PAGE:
Let her diet be wholesome and cleanly, prepared at due hours, and cooked with care and diligence, let it be rather to satisfy nature, than her affections, and apter to kill hunger than revive new appetites; let it proceed more from the provision of her own yard, than the furniture of the markets; and let it be rather esteemed for the familiar acquaintance she hath without it, than for the strangeness and rarity it bringeth from other countries."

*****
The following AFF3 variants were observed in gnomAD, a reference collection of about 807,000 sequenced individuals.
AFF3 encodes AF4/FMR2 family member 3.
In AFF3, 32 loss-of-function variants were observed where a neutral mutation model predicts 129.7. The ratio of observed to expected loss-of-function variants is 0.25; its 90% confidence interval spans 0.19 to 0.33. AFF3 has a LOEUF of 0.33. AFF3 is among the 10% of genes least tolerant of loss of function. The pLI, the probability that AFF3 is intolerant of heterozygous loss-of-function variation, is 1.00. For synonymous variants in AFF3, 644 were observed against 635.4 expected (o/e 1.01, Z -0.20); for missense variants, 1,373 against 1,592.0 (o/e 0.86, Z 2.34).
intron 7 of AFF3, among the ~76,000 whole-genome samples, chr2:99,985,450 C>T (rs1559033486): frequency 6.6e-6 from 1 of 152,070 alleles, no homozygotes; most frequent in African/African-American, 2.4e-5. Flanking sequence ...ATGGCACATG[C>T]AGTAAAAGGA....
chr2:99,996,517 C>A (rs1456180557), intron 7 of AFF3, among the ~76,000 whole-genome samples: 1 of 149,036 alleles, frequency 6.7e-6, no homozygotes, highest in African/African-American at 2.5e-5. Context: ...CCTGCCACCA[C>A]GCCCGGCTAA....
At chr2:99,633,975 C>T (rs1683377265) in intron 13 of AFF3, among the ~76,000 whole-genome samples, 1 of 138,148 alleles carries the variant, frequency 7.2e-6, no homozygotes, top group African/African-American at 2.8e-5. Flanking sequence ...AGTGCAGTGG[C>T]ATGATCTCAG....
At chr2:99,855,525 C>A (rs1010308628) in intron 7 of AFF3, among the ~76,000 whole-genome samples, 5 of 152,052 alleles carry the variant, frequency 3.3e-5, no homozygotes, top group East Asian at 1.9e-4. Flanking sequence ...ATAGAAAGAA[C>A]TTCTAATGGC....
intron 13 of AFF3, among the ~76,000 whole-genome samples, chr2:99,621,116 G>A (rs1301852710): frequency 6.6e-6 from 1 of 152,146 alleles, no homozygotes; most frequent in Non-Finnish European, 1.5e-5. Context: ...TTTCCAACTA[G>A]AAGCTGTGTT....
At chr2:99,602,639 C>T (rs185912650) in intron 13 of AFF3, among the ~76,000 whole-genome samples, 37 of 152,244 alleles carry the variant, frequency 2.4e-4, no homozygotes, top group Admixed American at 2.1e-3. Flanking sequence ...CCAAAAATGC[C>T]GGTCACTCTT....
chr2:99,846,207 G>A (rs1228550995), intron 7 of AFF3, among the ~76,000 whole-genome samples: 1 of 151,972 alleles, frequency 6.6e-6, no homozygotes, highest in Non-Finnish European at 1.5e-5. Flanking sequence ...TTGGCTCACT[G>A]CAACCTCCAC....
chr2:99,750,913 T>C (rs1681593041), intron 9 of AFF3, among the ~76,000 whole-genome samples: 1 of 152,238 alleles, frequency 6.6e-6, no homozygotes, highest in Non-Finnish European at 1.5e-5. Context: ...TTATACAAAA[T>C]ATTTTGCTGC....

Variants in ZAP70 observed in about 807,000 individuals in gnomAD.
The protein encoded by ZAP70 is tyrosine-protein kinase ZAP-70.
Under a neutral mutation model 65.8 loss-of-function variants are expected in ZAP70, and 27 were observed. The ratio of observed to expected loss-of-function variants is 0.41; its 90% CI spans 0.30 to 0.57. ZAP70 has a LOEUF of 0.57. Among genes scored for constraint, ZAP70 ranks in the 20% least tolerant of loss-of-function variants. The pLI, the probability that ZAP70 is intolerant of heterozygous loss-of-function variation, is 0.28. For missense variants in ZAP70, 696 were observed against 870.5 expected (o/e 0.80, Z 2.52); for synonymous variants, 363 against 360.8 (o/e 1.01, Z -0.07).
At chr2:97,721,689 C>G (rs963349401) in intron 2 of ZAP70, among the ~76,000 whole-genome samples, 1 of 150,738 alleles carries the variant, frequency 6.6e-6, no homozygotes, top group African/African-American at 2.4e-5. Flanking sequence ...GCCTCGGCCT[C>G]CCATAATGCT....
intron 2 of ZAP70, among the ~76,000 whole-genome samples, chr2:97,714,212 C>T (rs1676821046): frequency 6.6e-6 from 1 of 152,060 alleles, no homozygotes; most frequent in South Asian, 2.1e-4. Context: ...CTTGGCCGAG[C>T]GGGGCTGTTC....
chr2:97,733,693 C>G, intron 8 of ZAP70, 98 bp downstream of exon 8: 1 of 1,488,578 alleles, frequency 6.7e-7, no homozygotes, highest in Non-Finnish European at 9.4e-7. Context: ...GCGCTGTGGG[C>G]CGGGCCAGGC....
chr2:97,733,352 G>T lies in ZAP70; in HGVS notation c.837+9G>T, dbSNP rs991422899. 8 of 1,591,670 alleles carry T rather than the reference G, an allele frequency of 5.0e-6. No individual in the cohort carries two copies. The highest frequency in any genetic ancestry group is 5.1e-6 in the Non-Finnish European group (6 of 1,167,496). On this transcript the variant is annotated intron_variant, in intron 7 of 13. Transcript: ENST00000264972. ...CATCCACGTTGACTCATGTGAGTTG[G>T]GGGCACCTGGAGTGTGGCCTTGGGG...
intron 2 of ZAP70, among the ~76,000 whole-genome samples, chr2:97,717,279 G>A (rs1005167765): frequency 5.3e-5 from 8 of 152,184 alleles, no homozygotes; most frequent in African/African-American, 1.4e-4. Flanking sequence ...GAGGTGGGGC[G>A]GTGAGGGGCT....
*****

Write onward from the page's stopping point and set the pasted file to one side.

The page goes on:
Very good advice, this, and I fear seldom followed by the housewives Markham is extolling. In another part of the same volume he becomes more specific, more practical, and more accurate. He tells us that the housewife should be skilled in many things that have passed out of fashion. To begin with, she ought to understand medicine and nursing. Markham assists her to a sufficient knowledge of such things by descriptions of the various diseases and by prescriptions for their cure. Here is a fair example, the manner of treatment of quotidian fever: "You shall take a new-laid egg, and opening the crown, you shall put out the white, then fill up the shell with very good aquavitæ, and stir it and the yoke very well together, and then as soon as you feel your cold fit begin to come upon you, suck up the egg, and either labour till you sweat, or alse, laying great